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Tuesday, December 20, 2016

Donald J. Ortner: Physical Anthropologist, Museum Curator, Paleopathologist

How does tuberculosis leave its mark on a human skeleton? What is the significance of changing ankle stability in an ancient culture? What do skeletons tell us? Donald J. Ortner (1938-2012), a biological anthropologist in the National Museum of Natural History, explored questions such as these. Many of his projects focused on paleopathological studies of human skeletons; essentially Ortner researched the visible effects of ancient diseases on bone.

Donald J. Ortner at the base of a shaft tomb at the Bâb edh-Dhrâ cemetery site in Jordan, circa 1977, Box 64, Donald J. Ortner Papers, National Anthropological Archives, Smithsonian Institution.
The photograph above portrays Ortner in the midst of one of the larger paleopathological projects of his career: Bâb edh-Dhrâ. East of the Dead Sea in Jordan, the site of Bâb edh-Dhrâ includes an Early Bronze Age town and cemetery. From 1975 to 1983, the archaeological team of the Expedition to the Dead Sea Plain (EDSP), co-directed by Walter Rast and R. Thomas Schaub and comprised of people from an array of different disciplines, carried out excavations of the site. While an extraordinary 373 individual skeletons have been uncovered, it is estimated that the cemetery consists of 37,699 bodies buried in over 2,500 shaft tombs. In general, these shafts are about 4 feet across and 6 feet deep; you can see Ortner standing at the base of one of them in this photograph. At the bottom, hemispherical burial chambers were dug out to the side of the shaft, 3 feet high in the center and 6 feet in diameter. Women, men, young, and old were buried together in these chambers with an average of about 5 people per chamber.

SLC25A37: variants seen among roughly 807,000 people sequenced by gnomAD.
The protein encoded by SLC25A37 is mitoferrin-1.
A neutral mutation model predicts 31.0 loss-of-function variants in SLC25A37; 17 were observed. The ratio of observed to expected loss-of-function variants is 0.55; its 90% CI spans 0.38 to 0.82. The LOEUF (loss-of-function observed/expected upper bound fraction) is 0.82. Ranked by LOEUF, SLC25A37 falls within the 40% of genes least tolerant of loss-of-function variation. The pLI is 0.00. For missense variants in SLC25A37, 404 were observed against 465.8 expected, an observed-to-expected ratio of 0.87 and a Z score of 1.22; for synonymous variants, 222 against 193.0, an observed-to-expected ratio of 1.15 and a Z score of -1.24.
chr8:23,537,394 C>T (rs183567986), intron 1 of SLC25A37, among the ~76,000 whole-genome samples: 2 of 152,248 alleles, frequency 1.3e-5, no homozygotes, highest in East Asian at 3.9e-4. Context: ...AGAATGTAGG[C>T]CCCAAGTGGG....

During Ortner’s first field season at the Bâb edh-Dhrâ site in 1977, he was given the honor of opening the first excavated burial chamber, A78. The following excerpt from Ortner’s article “Cultural Change in Bronze Age” (Smithsonian Magazine, 1978) describes Ortner’s reaction to opening the chamber:
“I shall never forget the exhilaration. Covered with dust, perspiration rolling off me in the 100-degree-plus heat, I pulled away the stone blocking the north chamber and saw revealed for the first time in 5,000 years the human skeletons and exquisite pottery inside.” 
Ortner and his team used analyses of the specimens and tombs to examine how the transition from a nomadic way of life to an urban one affected burial practices. He also discovered information about the health of these Early Bronze Age people, finding indications of arthritis, brucellosis, and tuberculosis on the bones. Ortner continued his study of specimens over a period 30 years, fascinated by and perhaps even admiring of a group of people so troubled by infectious diseases, yet “surviving and even thriving” (Ortner and Frohlich: 368).